By Any Means: How One Federal Agency Is Turning Tribal Sovereignty On Its Head, Clifton Cottrell 2017 Native American Financial Services Association

By Any Means: How One Federal Agency Is Turning Tribal Sovereignty On Its Head, Clifton Cottrell

American Indian Law Journal

No abstract provided.


Solution Before Pollution: Mining And International Transboundary Rivers In Southeast Alaska, Britany Kee’ ya aa. Lindley 2017 Seattle University, School of Law

Solution Before Pollution: Mining And International Transboundary Rivers In Southeast Alaska, Britany Kee’ Ya Aa. Lindley

American Indian Law Journal

No abstract provided.


Beyond A Zero-Sum Federal Trust Responsibility: Lessons From Federal Indian Energy Policy, Monte Mills 2017 Alexander Blewett III School of Law, University of Montana

Beyond A Zero-Sum Federal Trust Responsibility: Lessons From Federal Indian Energy Policy, Monte Mills

American Indian Law Journal

The federal government’s trust relationship with federally- recognized Indian tribes is a product of the last two centuries of Federal Indian Law and federal-tribal relations. For approximately the last 50 years, the federal government has sought to promote tribal self-determination as a means to carry out its trust responsibilities to Indian tribes; but the shadows of prior federal policies, based largely on notions of tribal incompetence and federal paternalism, remain. Perhaps no other policy arena better demonstrates the history, evolution, and promise for reform of the federal trust relationship than Federal Indian energy policy, or the range of federal ...


Conservation Easements: A Flexible New Tool For Washington Tribes, A Case Study Of The Lower Elwha Klallam Tribe, David P. Papiez 2017 Seattle University School of Law

Conservation Easements: A Flexible New Tool For Washington Tribes, A Case Study Of The Lower Elwha Klallam Tribe, David P. Papiez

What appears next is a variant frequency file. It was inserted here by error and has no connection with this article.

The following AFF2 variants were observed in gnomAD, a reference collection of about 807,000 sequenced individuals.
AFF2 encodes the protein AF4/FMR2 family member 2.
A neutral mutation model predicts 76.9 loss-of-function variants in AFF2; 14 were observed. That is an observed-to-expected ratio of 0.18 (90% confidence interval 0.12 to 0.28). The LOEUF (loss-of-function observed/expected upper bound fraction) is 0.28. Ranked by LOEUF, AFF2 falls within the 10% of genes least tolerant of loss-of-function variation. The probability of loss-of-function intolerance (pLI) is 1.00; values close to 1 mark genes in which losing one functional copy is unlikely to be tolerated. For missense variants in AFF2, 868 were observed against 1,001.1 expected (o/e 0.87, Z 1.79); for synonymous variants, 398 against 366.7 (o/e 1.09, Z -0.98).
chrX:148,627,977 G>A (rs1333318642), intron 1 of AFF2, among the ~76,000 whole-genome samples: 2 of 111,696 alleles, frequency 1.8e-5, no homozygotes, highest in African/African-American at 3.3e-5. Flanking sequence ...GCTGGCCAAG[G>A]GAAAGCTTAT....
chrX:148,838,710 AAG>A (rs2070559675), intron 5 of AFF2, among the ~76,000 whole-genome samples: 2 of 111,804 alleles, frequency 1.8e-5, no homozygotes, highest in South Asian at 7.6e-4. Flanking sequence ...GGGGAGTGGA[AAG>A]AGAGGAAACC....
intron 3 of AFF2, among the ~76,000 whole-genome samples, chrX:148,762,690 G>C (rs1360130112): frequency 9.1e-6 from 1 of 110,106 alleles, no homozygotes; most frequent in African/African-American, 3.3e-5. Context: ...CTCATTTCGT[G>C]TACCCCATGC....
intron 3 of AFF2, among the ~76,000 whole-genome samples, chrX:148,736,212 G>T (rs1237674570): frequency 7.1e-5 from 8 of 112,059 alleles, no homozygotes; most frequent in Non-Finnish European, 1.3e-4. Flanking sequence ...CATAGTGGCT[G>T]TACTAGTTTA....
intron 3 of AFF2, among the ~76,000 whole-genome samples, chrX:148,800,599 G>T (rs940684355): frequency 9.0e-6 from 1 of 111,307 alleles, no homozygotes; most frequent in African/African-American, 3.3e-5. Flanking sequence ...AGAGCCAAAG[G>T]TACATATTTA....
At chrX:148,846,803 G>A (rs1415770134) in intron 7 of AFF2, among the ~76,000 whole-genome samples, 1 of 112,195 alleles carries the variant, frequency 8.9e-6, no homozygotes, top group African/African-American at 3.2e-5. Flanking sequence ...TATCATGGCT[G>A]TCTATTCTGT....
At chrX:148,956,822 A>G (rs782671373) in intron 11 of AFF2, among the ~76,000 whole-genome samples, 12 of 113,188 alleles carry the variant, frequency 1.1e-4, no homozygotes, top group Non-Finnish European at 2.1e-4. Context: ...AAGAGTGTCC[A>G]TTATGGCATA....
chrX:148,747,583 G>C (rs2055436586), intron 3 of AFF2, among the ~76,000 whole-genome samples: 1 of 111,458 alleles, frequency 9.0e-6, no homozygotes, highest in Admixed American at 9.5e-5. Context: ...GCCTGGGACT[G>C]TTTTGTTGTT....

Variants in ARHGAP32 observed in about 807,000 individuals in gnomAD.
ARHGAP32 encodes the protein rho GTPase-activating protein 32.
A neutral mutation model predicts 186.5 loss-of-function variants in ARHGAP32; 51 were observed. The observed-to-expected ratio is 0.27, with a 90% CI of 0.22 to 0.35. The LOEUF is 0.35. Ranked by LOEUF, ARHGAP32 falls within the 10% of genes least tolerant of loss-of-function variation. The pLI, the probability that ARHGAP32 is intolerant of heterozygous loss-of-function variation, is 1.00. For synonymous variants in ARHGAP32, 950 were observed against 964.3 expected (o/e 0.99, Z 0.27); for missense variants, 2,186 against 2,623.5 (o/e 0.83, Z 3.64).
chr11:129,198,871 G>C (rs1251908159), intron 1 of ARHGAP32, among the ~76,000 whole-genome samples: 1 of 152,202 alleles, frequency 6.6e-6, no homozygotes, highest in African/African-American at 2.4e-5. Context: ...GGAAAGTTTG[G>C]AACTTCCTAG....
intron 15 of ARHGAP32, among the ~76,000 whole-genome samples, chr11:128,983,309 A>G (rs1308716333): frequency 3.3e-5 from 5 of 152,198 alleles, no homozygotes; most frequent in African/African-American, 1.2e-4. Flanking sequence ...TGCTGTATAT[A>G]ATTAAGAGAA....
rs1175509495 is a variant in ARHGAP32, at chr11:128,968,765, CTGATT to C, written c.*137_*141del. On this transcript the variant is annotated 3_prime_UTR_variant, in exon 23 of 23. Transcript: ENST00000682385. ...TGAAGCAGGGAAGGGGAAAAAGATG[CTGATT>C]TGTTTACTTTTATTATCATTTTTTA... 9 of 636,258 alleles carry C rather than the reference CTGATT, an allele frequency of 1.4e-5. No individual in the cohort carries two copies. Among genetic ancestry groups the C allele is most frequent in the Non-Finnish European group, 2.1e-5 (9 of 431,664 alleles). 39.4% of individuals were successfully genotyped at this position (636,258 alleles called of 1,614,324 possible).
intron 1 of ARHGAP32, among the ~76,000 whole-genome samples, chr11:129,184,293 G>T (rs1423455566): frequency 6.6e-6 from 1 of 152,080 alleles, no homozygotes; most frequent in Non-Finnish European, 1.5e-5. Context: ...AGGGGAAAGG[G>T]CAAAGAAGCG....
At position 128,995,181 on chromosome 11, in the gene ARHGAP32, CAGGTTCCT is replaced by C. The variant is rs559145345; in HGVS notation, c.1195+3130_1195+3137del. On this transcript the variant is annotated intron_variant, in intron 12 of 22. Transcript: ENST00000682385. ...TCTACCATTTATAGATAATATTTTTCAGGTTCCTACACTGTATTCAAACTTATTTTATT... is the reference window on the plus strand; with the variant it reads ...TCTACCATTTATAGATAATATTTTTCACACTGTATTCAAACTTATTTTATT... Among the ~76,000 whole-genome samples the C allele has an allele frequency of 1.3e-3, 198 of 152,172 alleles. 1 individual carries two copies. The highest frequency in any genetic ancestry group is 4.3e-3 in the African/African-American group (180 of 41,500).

American Indian Law Journal

No abstract provided.


A Hell Of A Complex: The Miscarriages Of The Federal Hydropower Licensing Regime, Derek Red Arrow Frank 2017 Seattle University, School of Law

A Hell Of A Complex: The Miscarriages Of The Federal Hydropower Licensing Regime, Derek Red Arrow Frank

American Indian Law Journal

What you are about to read is an illustration of systemic racism. Systemic racism is the current effects of statutes and policies developed through a singular and racially-charged narrative. The current hydropower relicensing regime fails to acknowledge the overarching Treaty-reserved rights of American Indian tribes while statutorily granting state and federal authorities the power to prescribe mandatory conditions on hydropower projects. This fact remains constant whether the hydropower project is within or outside a tribe’s reservation or aboriginal territory. Specifically, the Hells Canyon Complex, which rests along the Snake River, has had and continues to have enormous impacts on ...


The Sioux's Suits: Global Law And The Dakota Access Pipeline, Stephen Young 2017 University of New South Wales, Sydney, Australia

The Sioux's Suits: Global Law And The Dakota Access Pipeline, Stephen Young

American Indian Law Journal

The Sioux Tribe’s lawsuits and protests against the Dakota Access Pipelines (DAPL) received an incredible amount of international attention in ways that many Indigenous peoples’ protests have not. This article argues that attention exists because the Sioux Tribe has been at the epicenter of the Indigenous peoples’ rights movement in international law. Accordingly, they have invoked or claimed international human rights—particularly free, prior, and informed consent (FPIC)— to complicate, and perhaps destabilize, the DAPL’s development. However, the importance of their activism is not merely in claiming human rights.